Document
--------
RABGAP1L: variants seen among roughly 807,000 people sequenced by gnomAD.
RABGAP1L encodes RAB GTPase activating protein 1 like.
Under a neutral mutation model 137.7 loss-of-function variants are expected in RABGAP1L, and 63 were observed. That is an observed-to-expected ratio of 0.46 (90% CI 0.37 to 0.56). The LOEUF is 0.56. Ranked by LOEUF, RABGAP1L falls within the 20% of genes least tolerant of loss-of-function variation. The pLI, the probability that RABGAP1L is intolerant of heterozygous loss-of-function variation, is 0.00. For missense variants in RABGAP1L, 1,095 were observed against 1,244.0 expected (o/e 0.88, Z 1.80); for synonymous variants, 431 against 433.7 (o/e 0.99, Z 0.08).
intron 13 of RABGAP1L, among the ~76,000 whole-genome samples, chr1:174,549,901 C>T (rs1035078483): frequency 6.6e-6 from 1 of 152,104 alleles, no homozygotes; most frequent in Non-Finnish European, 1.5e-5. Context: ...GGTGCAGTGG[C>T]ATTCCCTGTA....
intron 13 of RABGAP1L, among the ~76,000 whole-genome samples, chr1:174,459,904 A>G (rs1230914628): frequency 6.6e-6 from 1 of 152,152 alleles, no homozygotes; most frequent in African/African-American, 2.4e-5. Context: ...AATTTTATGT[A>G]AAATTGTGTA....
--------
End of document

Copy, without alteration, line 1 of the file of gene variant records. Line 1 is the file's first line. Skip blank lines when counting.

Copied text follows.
RABGAP1L: variants seen among roughly 807,000 people sequenced by gnomAD.